What The IGA/Franklins Decision Means

What The IGA/Franklins Decision Means

It feels like the battle over whether Franklins can be acquired by IGA’s parent company Metcash has been going on forever, but we finally have a conclusion. Yesterday the Federal Court rejected an appeal by the Australian Competition and Consumer Commission (ACCC) against the deal, meaning it can now go ahead. What does that mean, for shoppers and the ACCC?

Picture by Matthew Rutledge

For shoppers in NSW, where Franklins operates 90 stores, local stores are likely to switch to IGA branding in coming weeks. How much difference that makes to pricing will probably vary from region to region; in my experience, pricing in both Franklins and IGA stores has tended to show more variation than the major supermarkets, which largely set prices on a state-wide basis.

For the ACCC, the decision is unwelcome news, since it appears to restrict its ability to object to takeovers on competitive grounds. So far, it has only issued a brief statement which effectively amounts to “no comment”. The decision is likely to be of particular interest to Foxtel, which is using the Franklins example to argue that its takeover of Austar should be allowed, a move the ACCC has also objected to. A decision on the Austar deal was originally due yesterday, but has been delayed.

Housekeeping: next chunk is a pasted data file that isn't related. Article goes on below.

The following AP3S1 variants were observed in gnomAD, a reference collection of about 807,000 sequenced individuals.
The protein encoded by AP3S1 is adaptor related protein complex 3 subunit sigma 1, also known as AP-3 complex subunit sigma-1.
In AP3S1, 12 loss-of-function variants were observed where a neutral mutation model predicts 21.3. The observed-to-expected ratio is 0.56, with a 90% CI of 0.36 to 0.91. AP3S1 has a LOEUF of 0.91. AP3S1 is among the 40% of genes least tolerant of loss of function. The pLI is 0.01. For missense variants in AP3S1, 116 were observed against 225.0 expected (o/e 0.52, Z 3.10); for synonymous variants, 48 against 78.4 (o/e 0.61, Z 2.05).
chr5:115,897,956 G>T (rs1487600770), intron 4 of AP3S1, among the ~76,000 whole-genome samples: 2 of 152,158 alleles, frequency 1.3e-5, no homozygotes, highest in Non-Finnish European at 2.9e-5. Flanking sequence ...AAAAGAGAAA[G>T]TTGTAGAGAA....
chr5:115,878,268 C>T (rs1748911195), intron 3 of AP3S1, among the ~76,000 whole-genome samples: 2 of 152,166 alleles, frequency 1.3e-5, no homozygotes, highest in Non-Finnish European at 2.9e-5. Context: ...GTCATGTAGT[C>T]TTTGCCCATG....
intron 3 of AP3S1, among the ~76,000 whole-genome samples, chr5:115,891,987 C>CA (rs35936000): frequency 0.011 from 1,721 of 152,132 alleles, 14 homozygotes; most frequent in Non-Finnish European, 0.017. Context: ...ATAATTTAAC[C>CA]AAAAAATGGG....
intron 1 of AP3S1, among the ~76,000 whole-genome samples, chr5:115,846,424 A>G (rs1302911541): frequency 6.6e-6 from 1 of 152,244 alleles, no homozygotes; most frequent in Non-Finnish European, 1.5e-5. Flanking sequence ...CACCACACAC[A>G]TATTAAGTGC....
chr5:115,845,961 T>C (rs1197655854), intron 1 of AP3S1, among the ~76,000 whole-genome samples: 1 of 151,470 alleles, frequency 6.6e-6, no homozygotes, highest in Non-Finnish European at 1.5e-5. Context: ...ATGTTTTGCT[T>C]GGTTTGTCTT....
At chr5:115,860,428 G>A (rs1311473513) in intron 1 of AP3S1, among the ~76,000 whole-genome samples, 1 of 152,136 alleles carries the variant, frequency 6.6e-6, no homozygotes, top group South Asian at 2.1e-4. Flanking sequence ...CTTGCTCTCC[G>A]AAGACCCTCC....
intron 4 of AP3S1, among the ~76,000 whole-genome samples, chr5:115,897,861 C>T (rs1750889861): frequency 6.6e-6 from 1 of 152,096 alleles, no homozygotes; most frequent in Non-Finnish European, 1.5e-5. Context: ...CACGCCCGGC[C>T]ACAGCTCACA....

Metcash gets all clear for Franklins takeover [ABC News]


    • Lisa, I’d be cashing in my rewards ASAP.
      From a commercial standpoint they are a liability to Mecash so they will be keen to no longer honour them as soon as they can (I would expect)

  • Will this increase the quality of the stores? Not likely. I still expect to see moldy fruit, out of date tinned food, stale bread, no air-conditioning, and poor, poor service at my local (Franklins, Summer Hill, NSW).

    Where’s the watch-dog for that?

  • :–/ Franklins was my very first employer, so I enjoy a little nostalgic twinge when I shop at my local Frankies from time to time.

    Would be nice if IGA kept the branding.

  • Can’t really compare Foxtel Austar to this: The retail market has now got 2 giants and 2 mid size players, and therefore there is an improvement in competition as the mid size players increase critical mass. The ACCC were idiots to contest this, when the reverse was clearly the case.

    Anyway, this plus SABMiller Fosters should be an object lesson to Aus companies in how to globalize. Except for BHP, which has been brilliant at it, Australian companies have been very poor, considering when compared to South Africa, home of Metcash and SABMiller, Aus have a rich home economy, and vibrant neighboring market.

    There need to be more BHP’s, to counter the 2 speed economy.

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